March 20 2015 | Views: 2698
Kent and Medway
Engaging workshops, an interactive fair and exciting shows from local companies and organisations. Getting Year 7 and 8 students buzzing about science, technology, engineering and maths (STEM)
Twenty secondary schools from the Kent and Medway area attended this exciting free event which hosted a variety of activities to engage students in the world of STEM.
The Big Bang Fair @ Discovery Park aimed to inspire young people to look to STEM as great career options. The event showed young people just how many exciting and rewarding opportunities there are out there for them with the right experience and qualifications.
Organised by Kent & Medway STEM, the ambitious event invited big names such as The Institute of Engineering and Technology, Pfizer and The Royal Academy of Engineering to run sessions with the students.
From carrying out forensic investigations to testing whether caterpillars go faster when they’re hot or cold, students were busy carrying out their own research. Students also enjoyed growing their own crystals and viewing them under the microscopes with East Kent College and learning about momentum from the Institution of Mechanical Engineers using cars on a scalextric track.
The UK needs many more scientists and engineers and equipping young people with skills in STEM is key to their future employability.
Hellen Ward, Kent & Medway STEM Director, said: “We wanted to engage with students before they make their GCSE choices and inspire them to consider STEM subjects. The Big Bang opened their eyes to the fascinating world of science. We showcased every corner of the STEM industries to the students and it’s been fantastic to see them get stuck in.”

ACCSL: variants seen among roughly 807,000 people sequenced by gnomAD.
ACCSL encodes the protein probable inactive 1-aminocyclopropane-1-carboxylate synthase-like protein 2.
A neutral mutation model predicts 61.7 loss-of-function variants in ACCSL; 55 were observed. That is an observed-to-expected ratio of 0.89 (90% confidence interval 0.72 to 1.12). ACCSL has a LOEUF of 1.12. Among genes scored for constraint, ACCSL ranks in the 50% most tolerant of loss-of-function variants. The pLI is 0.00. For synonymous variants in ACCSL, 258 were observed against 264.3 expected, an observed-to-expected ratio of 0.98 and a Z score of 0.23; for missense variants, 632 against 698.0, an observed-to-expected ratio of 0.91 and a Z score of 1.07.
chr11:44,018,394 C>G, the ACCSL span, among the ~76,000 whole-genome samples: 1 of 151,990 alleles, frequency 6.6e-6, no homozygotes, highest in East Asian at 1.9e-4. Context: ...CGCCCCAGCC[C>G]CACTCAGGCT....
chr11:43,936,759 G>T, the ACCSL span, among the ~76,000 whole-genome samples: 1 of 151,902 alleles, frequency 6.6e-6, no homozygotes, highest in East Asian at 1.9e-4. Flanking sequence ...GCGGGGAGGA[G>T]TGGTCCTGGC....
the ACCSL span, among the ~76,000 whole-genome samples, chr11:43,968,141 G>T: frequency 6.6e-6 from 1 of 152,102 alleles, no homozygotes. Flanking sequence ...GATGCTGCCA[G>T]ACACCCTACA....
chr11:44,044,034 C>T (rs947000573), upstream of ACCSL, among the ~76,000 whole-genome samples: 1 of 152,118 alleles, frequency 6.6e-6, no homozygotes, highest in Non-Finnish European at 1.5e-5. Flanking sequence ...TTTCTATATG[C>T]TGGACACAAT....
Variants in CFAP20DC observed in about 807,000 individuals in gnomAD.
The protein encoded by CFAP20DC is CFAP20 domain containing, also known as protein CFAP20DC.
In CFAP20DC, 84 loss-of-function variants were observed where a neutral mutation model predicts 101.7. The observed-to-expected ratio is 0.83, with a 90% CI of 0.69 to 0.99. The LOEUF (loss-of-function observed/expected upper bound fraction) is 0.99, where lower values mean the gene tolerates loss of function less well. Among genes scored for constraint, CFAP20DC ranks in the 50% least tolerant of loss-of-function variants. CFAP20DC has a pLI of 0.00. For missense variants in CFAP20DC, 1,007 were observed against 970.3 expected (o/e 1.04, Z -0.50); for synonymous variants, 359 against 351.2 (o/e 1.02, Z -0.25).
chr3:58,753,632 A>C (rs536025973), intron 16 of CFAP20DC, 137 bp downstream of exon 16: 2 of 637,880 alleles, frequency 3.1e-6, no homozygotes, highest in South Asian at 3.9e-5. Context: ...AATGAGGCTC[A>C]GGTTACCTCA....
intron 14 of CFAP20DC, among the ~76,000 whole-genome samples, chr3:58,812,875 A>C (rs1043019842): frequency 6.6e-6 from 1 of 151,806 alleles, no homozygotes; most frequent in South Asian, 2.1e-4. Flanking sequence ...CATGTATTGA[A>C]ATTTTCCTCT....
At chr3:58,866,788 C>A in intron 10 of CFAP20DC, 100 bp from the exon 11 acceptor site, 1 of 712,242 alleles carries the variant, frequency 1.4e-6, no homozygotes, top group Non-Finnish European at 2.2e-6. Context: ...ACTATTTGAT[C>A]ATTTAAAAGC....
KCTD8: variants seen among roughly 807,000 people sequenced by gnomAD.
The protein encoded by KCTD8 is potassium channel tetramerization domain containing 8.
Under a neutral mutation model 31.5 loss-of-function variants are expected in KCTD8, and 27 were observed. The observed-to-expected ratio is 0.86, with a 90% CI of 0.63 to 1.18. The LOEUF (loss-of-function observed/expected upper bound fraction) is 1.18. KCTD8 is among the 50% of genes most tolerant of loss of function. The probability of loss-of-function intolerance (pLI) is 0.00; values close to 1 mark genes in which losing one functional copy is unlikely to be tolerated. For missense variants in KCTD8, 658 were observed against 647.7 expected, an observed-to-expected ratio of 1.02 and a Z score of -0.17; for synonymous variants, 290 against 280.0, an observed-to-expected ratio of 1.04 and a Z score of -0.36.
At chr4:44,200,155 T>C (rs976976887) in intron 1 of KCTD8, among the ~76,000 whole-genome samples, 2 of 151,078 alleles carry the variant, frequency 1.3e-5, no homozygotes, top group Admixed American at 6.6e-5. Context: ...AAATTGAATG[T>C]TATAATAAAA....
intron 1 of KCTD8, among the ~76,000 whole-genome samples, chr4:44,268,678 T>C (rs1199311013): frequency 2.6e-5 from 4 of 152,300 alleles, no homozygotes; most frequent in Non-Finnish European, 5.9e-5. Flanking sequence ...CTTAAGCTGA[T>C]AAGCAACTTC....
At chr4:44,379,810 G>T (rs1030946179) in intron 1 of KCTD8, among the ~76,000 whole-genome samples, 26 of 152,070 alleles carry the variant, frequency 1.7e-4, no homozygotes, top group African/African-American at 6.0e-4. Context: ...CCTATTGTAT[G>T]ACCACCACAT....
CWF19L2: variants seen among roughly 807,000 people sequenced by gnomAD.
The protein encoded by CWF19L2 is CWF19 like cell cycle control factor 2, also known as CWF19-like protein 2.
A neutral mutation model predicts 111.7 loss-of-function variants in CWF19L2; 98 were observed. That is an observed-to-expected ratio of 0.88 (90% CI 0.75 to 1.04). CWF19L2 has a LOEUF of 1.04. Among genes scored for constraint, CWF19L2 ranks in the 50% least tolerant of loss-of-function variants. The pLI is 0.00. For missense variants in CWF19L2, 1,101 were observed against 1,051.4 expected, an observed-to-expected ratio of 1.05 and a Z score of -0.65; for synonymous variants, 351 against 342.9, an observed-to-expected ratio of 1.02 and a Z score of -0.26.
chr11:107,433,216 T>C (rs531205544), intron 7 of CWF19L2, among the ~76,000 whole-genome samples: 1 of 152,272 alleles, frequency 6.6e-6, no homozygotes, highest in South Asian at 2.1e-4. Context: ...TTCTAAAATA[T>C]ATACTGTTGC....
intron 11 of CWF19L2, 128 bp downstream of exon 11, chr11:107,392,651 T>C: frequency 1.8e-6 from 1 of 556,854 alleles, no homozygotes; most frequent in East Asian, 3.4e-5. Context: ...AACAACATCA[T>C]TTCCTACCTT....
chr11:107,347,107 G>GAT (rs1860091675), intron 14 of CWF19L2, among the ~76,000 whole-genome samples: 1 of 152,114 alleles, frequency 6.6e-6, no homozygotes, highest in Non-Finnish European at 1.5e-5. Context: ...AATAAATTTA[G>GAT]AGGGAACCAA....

She added: “Discovery Park is the ideal location to stage the event. It’s Europe’s leading science park and show’s the students the sort of place they could be working at in the future. Lots of the science tenants have run sessions and experiments with the students today.”
Discovery Park tenant Pfizer invited students to carry out ‘Chemical Challenge’ experiments throughout the day. Through causing a number of controlled chemical reactions, students were challenged to deduce unknown chemicals. One student taking part said: “Today’s been so fun - we’ve learnt so much. I already wanted to be a scientist when I’m older and today’s made me really excited about the future”
Tommy Dolan, Vice President of Pfizer, said: “In the UK there are significant skills gaps in the STEM industries. We need to get young people into science and help them realise how valuable science is in wider society. This event helps inspire the students and encourages them to take science subjects in further education and realise that science is an exciting career choice”
A lot of the processes students learnt today are scientific techniques routinely used in professional industry. The event allows students to put things learnt in the classroom into practice in real-life experiments.
The loudest and most explosive part of the day was brought to life by John Coad, the director of the Festival of Science and the person behind the live demonstrations of some of the greatest experiments by some of the most famous scientists of our time – Archimedes, Galileo, Newton and Einstein.
Reflecting on the event he said: “This event stages experiments and activities that link back to what the students learn in the curriculum. By seeing scientific processes in action, students get a better understanding of how things work. Everything at the Big Bang is fun to learn – whether it's watching a demonstration or putting on your lab coat and doing it yourself.”
A teacher from Sandwich Technology School said, “It’s great to see the students so excited about learning. They are the scientists of the future and this event gives them a valuable opportunity to see how science works outside of the classroom.”
It’s not just science that was explored today; a number of activities were dedicated to mathematics. Event organisers Hellen Ward said, “A solid understanding of maths is integral to any scientific career. We’ve set up a number of engaging mathematical puzzles and challenges today to show the students that maths is fun”
Activities such as ‘mathematic juggling’ and ‘making waves with maths’ showed that maths is so much more than numbers and encouraged students to learn about mathematic techniques and formulas in a fun and interactive way.
Kimberley Anderson, Corporate Relations Manager at Discovery park said, “Today’s been a real success. Hopefully we’ll see lots of the students who came here today return and enjoy successful careers at Discovery Park”
Companies and organisations who took part: